But the millennium also serves another purpose for John. As we have observed, he does not make many distinctions between person and person within the total body of the Lamb's people; for instance, he doesn't particularly care whether you are a living Christian or one who has died. Yet there is one distinction that is important to him--and he has indicated so previously.

Some Christians were called upon to make a faithful witness of an order that involved actually laying down their lives for the sake of Christ and the brethren; these are the martyrs, in the strict sense of that term. Many more Christians, although faithful to their own call, won their crowns without having to make this greatest act of commitment. The distinction is not an ultimate one, John knows; both types of Christians finally come out indistinguishable. Nevertheless, he feels that the martyr-saints do deserve some special recognition and honor, and the millennium affords an opportunity for this.

Verses 4-5, unfortunately, are not crystal clear; but we will do the best we can with them. First, in identifying the martyrs, John does call them the "beheaded"; but he probably means this in the general sense of "executed" rather than specifying for honor only those who met death in the one particular way. The original Greek does have an "and" preceding the phrase "They had not worshipped the beast..." If we insert it and understand the sentence as identifying two groups rather than one, the entire passage will render better sense.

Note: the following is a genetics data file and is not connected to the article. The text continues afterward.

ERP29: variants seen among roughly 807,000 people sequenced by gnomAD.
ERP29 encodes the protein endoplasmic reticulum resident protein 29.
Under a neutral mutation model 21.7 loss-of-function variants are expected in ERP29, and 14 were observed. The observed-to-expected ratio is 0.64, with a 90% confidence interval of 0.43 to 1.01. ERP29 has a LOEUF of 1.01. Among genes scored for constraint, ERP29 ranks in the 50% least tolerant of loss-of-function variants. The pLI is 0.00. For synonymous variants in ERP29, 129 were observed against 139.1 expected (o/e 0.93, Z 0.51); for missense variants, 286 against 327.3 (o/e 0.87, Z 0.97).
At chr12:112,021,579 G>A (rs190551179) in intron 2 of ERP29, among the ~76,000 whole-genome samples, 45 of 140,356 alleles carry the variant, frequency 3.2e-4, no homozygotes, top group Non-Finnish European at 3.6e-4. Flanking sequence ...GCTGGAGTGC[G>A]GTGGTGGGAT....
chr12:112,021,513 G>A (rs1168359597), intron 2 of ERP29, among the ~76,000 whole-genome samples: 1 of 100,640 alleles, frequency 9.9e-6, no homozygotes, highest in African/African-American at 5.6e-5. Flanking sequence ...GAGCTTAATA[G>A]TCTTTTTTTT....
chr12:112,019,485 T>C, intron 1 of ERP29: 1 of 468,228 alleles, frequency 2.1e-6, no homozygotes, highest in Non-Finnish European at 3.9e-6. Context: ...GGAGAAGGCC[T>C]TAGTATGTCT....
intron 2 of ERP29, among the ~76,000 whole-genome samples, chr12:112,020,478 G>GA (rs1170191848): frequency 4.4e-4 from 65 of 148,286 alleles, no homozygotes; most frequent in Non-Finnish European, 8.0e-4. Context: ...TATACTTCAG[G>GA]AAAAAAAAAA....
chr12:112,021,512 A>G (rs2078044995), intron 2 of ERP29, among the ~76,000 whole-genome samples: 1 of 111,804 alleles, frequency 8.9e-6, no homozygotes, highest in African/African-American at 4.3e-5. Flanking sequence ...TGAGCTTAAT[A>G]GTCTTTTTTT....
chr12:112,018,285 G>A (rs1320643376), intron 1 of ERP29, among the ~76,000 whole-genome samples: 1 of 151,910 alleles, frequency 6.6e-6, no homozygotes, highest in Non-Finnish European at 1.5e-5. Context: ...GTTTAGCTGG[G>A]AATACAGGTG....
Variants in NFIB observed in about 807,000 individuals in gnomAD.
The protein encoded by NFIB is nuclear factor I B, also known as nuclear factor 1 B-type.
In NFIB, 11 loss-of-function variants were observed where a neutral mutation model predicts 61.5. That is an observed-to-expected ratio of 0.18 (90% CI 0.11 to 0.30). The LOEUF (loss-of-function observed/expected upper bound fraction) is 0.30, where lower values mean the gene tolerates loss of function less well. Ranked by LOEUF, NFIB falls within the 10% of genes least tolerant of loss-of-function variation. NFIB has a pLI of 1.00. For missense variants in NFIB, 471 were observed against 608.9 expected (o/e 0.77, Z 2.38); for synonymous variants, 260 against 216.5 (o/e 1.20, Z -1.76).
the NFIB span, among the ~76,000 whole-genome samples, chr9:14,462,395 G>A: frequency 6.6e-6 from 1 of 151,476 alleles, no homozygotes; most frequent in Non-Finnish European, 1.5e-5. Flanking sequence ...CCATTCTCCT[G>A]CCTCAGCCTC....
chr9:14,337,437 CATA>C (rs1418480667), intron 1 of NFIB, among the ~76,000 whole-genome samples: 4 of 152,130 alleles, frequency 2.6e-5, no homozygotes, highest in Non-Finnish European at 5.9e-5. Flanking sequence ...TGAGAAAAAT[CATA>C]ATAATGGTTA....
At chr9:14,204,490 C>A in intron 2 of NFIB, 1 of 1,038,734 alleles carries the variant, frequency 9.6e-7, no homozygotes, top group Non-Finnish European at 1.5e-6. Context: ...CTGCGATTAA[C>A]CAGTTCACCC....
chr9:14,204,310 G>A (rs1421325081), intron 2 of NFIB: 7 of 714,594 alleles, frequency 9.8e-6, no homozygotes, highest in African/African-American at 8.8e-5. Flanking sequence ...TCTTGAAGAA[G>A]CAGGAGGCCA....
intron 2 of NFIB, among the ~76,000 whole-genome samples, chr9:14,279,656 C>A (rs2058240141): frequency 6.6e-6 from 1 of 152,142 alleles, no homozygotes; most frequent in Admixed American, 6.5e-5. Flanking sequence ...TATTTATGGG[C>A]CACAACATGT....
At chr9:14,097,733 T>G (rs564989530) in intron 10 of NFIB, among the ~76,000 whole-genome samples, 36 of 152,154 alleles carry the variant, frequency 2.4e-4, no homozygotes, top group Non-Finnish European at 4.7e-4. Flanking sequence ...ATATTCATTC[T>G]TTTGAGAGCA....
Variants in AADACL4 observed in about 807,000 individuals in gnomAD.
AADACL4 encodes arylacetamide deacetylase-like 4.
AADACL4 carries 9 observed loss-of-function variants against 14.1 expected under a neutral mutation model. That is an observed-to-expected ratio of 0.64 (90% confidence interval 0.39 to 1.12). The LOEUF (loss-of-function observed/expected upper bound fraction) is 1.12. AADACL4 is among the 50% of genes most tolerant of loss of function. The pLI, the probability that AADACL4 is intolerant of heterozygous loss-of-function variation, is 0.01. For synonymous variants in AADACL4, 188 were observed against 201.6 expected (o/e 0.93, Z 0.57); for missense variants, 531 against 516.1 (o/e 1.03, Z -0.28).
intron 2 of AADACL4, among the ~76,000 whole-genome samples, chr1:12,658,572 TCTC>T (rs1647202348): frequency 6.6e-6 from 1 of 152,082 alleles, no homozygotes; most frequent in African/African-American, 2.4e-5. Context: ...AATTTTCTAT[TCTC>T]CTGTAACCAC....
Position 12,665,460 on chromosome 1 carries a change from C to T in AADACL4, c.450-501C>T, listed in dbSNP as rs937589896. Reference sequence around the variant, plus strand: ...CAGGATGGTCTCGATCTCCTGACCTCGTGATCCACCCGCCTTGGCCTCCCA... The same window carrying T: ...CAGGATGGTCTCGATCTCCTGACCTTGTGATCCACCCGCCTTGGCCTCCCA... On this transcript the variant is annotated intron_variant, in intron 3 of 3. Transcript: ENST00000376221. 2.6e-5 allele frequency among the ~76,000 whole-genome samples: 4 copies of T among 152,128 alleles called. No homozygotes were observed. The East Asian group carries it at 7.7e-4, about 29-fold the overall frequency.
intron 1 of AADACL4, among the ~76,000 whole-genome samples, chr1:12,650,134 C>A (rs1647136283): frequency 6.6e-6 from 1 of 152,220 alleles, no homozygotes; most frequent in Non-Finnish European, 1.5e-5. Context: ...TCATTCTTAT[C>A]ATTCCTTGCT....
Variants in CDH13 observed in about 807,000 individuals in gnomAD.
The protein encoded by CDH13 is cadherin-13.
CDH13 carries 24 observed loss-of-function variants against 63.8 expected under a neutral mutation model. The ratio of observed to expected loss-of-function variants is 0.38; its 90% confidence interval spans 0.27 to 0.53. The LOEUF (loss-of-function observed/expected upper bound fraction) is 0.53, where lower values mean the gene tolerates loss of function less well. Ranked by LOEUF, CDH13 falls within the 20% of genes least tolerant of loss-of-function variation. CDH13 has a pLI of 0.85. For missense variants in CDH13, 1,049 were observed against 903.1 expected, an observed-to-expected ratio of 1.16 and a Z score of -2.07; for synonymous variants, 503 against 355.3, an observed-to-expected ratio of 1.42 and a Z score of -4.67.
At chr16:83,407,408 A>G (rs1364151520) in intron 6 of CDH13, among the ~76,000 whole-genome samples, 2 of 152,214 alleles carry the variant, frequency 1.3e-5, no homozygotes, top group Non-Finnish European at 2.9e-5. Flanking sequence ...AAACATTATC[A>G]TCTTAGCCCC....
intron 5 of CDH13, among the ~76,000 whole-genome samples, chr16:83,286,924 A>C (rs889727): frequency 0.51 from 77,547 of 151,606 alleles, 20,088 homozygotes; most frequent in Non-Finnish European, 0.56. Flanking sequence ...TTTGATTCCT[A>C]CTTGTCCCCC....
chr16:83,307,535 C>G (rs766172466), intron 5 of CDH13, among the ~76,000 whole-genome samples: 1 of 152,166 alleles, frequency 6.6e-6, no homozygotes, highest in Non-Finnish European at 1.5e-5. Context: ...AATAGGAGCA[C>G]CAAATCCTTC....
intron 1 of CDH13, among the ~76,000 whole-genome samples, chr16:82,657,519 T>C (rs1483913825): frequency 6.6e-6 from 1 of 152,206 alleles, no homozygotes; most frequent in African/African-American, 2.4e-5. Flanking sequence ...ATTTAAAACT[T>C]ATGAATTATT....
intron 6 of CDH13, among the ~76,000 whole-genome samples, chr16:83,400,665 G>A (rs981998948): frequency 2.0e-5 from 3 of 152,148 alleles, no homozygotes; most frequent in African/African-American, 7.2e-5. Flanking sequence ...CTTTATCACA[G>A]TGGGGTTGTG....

1. The first group, then, consists of those Christians who lost their lives for the sake of God's word and their martyria Jesu.
  2. The second group consists of the rest of the Christians, who had not worshipped the beast or worn his image but who had not been martyred, either.

Apparently John means to say that the first group comes to life at the beginning of the millennium. "Coming to life," or "resurrection," means, now, graduating into second-order LIFE, the quality of life that will characterize the new Jerusalem, the ultimate of human experience that, we are told, is forever immune to anything of death. John never uses these terms in any other way. "The rest of the dead," who come to life after the thousand years are over, surely must intend the second group of Christians; the dead among the beast's people certainly are not eligible for "resurrection" (the next scene will find them still very much "dead"), and they are not even in John's picture at this point. But with the raising of the second group, any distinction between the two is lost; their history proceeds as that of the one church. The martyrs' recognition was that of receiving their prizes a little ahead of the others; their final status is in no way different.